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Why do Dive Centers and Professionals do it to themselves?

Discussion in 'Business of Diving Institute' started by Industry Outsider, Aug 22, 2019.

  1. Heat Miser

    Heat Miser DIR Practitioner

    # of Dives: 100 - 199
    Location: Perth
    Thanks .... v. v. good:):)
    The Chairman likes this.
  2. Sam Miller III

    Sam Miller III Scuba Legend Scuba Legend

    # of Dives: 5,000 - ∞
    Location: CALIFORNIA: Where recreational diving began!
    "This was exactly the scenario I recalled when I wrote my response. I might have read Dr. Bill's or one of your posts about LA Co UIA being "unknown", while being one of the firsts. "
    It is important to recall and record history - but doing accurately for those who follow

    L:A CO Underwater Instructor association was the FRIST ! Estabished in 1954

    LA Co Instructors led by Neil Hess, an LA Co UW instructor prior to his untimely early death in 1959 promoted a "National dive patrol" via the pages of the only magazine available "Skin diver magazine ; a magazine for spear fishermen and skin divers" with LA Co UW instructor and NAUI "A Instructor" Jim Auxier aa a founder and the magazine's editor

    The great LA Co UW Instructor Al Tillman, one of the great organizers of the diving world organized the first NAUI course presented at the Underwater Society of America (USA) convention in Houston Texas in August 1960.

    NAUI required established experienced instructors to guide and booster their ranks, so the "Associate" aka A instructor was established - only a few qualified most were from LA Co. Only two remain Me at #27 and Zale Parry, #10 who is @Dr bill s close personal friend as well as @Dr bill basic instructor Ron Merker who was also an A instructor.

    In 1964 I was alarmed at the instructor and diver drop out so I conducted an extensive year long study which resulted in a 23 page flip chart (the 1964 power point) titled "Instructor & diver retention"
    This study recognized that at that early date and even with the tremendous effort required to become LA Co UW instructors there were drop outs. I proposed a Instructor /diver classification recognition be established. The proposal was rejected by LA Co - "if you are LA Co certified YOU ARE a instructor and you are a diver ( no truer word were ever spoken)

    For my concern and effort I was awarded the first "Outstanding contributions to UW Instruction" and given a lovely wood plaque which is currently displayed on the wall of my den.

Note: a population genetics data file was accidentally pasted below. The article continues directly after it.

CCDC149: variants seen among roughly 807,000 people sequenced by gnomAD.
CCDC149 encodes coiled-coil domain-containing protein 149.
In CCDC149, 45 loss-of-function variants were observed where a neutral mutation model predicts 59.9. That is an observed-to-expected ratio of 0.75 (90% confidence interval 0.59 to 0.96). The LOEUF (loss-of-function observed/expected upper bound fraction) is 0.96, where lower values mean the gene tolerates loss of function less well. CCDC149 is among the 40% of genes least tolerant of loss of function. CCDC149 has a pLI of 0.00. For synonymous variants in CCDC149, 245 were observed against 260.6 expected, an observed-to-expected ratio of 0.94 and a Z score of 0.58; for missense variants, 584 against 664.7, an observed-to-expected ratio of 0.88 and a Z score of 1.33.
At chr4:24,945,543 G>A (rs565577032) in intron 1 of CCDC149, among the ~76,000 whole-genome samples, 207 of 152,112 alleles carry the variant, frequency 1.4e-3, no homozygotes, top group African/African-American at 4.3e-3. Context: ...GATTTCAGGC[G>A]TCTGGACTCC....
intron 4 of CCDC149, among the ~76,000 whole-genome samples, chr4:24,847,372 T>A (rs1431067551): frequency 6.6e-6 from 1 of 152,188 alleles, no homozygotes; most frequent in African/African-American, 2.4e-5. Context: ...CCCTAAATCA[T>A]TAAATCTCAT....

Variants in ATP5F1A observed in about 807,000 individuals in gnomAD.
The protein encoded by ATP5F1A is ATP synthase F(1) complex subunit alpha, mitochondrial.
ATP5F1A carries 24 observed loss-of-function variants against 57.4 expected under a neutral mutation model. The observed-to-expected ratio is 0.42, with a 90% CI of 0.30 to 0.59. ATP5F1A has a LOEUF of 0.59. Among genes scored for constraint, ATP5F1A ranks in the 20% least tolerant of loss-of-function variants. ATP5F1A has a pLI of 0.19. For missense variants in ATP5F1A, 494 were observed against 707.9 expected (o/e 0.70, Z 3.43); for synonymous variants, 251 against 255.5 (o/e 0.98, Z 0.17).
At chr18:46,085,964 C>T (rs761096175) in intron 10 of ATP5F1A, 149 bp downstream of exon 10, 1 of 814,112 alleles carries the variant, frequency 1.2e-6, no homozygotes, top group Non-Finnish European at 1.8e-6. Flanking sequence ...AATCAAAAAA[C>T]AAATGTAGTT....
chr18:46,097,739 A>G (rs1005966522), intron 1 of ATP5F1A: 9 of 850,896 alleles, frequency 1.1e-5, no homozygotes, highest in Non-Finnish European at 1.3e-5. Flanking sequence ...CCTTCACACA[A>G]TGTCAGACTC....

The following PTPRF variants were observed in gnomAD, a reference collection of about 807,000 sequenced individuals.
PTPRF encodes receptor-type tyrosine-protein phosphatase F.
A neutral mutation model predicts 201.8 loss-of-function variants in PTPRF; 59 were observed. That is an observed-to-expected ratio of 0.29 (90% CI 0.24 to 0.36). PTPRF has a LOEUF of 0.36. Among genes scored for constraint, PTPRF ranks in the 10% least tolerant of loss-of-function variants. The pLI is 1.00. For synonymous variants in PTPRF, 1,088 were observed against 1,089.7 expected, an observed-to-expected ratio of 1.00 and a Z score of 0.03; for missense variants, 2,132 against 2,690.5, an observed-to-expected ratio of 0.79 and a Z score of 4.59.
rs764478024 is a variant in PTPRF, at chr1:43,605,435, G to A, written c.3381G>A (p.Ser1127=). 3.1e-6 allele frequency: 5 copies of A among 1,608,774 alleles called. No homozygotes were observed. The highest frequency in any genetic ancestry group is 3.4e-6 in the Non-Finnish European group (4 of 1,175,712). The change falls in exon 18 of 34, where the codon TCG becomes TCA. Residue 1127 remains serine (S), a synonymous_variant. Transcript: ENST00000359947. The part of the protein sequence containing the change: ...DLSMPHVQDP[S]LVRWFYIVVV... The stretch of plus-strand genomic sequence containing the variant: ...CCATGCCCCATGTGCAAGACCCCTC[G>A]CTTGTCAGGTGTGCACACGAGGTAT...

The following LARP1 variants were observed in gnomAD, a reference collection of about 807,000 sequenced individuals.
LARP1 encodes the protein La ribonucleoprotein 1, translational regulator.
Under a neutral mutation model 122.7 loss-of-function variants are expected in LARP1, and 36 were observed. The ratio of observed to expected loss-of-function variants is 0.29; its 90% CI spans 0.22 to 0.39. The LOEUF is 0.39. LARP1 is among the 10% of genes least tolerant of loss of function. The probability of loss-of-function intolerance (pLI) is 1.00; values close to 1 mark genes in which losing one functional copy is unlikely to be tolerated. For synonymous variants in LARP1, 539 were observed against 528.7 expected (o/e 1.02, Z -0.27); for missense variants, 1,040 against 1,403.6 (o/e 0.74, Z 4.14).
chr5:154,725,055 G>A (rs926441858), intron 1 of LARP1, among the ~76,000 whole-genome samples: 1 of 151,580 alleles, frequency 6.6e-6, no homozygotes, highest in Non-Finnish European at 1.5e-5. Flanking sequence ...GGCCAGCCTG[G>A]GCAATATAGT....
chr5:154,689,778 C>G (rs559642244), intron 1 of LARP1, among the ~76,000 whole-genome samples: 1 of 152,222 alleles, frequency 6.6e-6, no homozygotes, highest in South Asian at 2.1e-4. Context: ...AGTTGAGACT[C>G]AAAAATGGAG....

The late Art Ulrich. the director of NAUI, presented my proposal to NAUI which was also rejected by the powers of NAUI at that time.

    In the winter of 1969 I was scheduled to go back to Downers Grove Illinois to be a component of a proposed NAUI Instructors course. There was a heave snow storm. Meigs field only Chicago air port was closed so it was assumed that the course would be cancelled- wrong !

    The assembled group lead by Ralph Erickson, Bob Chow and the US Divers Chicago rep John Cronin formed PADI on the spot.

    The same year, 1969 I was acclaimed the "Outstanding LA County Underwater instructor of the Year for 1969" - and also have a plaque hanging on the wall

    The PADI organization was contained in a box until John was promoted to US Diver GM and he moved to Orange county.

    He pulled the late Nic Icorn, LA Co UW instructor off the drafting board and made him the first director of a card board box titled PADI-

    There is a lot more buit lets stop here for now ...
    But remember just about every thing that ever happened in diving can be traced directly back to LA Co or LA Co UW instructors

  3. FindingMenno

    FindingMenno PADI Pro

    # of Dives: 1,000 - 2,499
    Location: Amsterdam, Netherlands
    I applaud that PADI is trying to diversify their business model, including hopefully an increased focus on diver retention. As they did with the acquisition of the Bonnier dive publications as an extra means to communicate with divers.
    However I hope that this not come at the risk that they become the juggernaut in the travel industry. A monopoly like this has a risk of higher cost/commission to 'destination' dive shops, as well as an extra dependancy to PADI to have business come their way. Basically migrating some of the profit now generated by 'destination' dive shops to PADI travel.
    Yes, as you might have less direct bookings you might save some marketing and cost of sale on that segment. However in my opinion and experience from a 'destination' dive shop, the cost/effort of sales is actually often higher with wholesale bookings, the volumes are relatively small, and you still need to work on direct marketing to ensure brand recognition and awareness. In a nutshell, wholesale bookings are often more work and generate less than direct bookings.